It drives people nuts.
One study says coffee will extend your life. The next one says it will kill you.
Or it’s red wine. Or bacon. Or whatever.
“Last week they said this, this week they’re saying that, and as a consumer that’s really hard to wade through and figure out what is real and what is not,” says Donald Thea, a School of Public Health professor of global health, one of three voices on the new Free Associations podcast, which looks at the validity of the research behind the most recent health claims.
The podcast, a fast, funny and well-informed conversation among health experts, launches tomorrow. It’s produced by the Population Health Exchange (PHX), SPH’s new resource hub and continuing education initiative focused on public health. The podcast hopes to help listeners sort through competing claims and look beyond those DRAMATIC HEADLINES! to the actual medical research behind them. The first two episodes will be available for download Tuesday, and new episodes will be released every other week thereafter.
Listen to a sample of their conversation about an infamous claim that the measles/mumps/rubella vaccine causes autism:
“The three of us are deeply cynical iconoclasts,” says Thea, who cohosts with Matthew Fox (SPH’02,’07), an SPH professor of epidemiology and global health, and Christopher Gill, an SPH associate professor of global health. “We very much like to question authority.”
But they do it with science. They take apart and examine the scientific method behind publication studies, looking for biases and errors. They also compare what the results actually say to what can be reported via sound bites on the evening news.
“What we are doing is pulling back the curtain on how you make the sausage and showing that maybe the conclusions that are being sold as true aren’t, because they got it wrong,” says Thea, who is also director of BU’s Center for Global Health and Development.
What the media find interesting tends to quick fixes and studies that in the long run may not be borne out, they say. Among the subjects in the first six episodes are a report that moderate wine drinking is good for your health, and one on the relationship between chocolate consumption and atrial fibrillation. Each 45-minute episode includes shorter segments explaining study methods and terminology (e.g., selection bias or how peer review works) and offbeat health-related news. Regardless of the topic, fans of National Public Radio shows like Car Talk or Wait, Wait…Don’t Tell Me will feel right at home with their sardonic banter.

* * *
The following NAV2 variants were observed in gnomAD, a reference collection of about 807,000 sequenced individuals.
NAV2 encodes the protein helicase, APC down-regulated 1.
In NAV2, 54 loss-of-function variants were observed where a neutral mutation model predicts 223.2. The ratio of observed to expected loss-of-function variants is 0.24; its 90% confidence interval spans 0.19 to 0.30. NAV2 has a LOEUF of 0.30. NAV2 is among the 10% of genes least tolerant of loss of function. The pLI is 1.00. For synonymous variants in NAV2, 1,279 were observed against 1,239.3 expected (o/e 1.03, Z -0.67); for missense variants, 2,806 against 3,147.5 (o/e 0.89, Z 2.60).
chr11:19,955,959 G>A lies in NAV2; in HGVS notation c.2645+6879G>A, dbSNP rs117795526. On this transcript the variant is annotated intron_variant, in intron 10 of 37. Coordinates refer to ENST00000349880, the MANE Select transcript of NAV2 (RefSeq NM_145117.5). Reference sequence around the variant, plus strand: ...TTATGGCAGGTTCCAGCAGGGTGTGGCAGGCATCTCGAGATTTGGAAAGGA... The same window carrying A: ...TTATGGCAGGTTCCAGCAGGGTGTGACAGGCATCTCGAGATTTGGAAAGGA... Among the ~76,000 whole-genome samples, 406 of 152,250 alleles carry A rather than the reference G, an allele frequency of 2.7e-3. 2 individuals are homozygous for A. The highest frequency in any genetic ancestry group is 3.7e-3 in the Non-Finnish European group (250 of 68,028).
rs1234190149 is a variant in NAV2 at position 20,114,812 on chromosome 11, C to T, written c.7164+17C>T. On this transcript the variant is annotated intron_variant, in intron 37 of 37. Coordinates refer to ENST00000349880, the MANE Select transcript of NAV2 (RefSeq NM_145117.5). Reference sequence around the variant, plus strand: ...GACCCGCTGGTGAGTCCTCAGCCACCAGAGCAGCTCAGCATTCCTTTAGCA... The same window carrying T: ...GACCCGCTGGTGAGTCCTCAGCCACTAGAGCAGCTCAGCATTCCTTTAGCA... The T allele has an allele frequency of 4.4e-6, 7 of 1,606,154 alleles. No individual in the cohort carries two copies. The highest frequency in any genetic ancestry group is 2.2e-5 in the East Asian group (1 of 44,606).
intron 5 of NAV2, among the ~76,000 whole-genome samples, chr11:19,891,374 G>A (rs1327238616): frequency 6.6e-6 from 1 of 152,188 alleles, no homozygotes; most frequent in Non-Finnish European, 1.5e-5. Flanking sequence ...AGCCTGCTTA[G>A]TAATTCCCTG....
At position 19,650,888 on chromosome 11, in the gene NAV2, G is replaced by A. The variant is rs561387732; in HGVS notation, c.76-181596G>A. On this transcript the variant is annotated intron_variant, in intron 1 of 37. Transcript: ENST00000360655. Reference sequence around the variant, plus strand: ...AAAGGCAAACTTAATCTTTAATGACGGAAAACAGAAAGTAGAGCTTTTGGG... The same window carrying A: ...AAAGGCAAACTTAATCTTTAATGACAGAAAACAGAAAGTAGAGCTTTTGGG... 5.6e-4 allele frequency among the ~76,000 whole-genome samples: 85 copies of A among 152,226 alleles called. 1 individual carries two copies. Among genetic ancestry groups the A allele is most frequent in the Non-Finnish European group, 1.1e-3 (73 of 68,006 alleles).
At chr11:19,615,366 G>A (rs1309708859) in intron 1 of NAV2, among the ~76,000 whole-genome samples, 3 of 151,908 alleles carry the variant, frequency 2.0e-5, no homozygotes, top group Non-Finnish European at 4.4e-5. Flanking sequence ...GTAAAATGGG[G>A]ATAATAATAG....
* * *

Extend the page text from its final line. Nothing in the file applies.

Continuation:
All three hosts attend what are called journal club gatherings at SPH, where staff and students get together informally to hash over notable articles in recent medical journals. Who suggested turning those conversations into a podcast? “It was Matt’s idea,” the others say in unison, as Fox nods in mock contrition. A fan of the NPR podcast Pop Culture Happy Hour, Fox pitched the idea to Leslie Tellalian, SPH director of lifelong learning and prime mover behind PHX.
She said yes. The three speak to a very broad audience, from public health students and professionals to the general public, Tellalian says, and she hopes they’ll attract listeners to PHX’s other offerings. “I think they’re really good people to open doors for us,” she says. “Understanding what they do and how they do it helps people understand what public health is and the role it plays and the importance of it.”
In addition to being friends, the podcast hosts have each taken a turn teaching the course Skills in Critical Analysis and Evidence-Based Writing for Public Health Professionals. They’ve taught students how to analyze a journal article, find its strengths and weaknesses, and come up with conclusions about its value.
“We all do this research too, so we’re pretty familiar with the ways that we’ve gotten it wrong,” says Fox. “We just thought it would be fun to get together and do something that was topical and use those critical thinking skills.”
Such critiques are not just intellectual exercises. There were localized outbreaks of measles after the MMR-causes-autism study, and more recently, the Zika virus outbreak led to several irresponsible theories likely to cause more harm than good, according to Thea.
“There is this belief that anything that is published is true,” says Gill. “That is not the case.”
Free Associations seems especially timely in the age of fake news, phony internet experts, and a president who claims that global warming is a Chinese hoax. The hosts say it’s frightening the way basic science is being called into question, often for political reasons.
“What’s going on at the EPA has been another thing that’s motivated some of this,” Fox says. “Seeing the way they are going off a complete lack of science in making these policy decisions just made me more interested in what the science actually says.” The three profs are not trying to sow doubt in the scientific process by debunking some reports, he says, but are saying that challenging the results is part of the process.
“The real issue is that the scientific process is a lot messier and less definitive than is popularly believed,” says Gill. “It’s much more incremental, it lurches back and forth before taking paradigm shifts and exposing new truths.”
PHX Free Associations Podcast Launch and Listen Party, featuring the live recording of an episode, is Tuesday, September 12, from 5:30 to 7:30 p.m., in the Hiebert Lounge, 72 E. Concord St., on the Medical Campus. It is open to all, and there will be refreshments and prizes. RSVP here.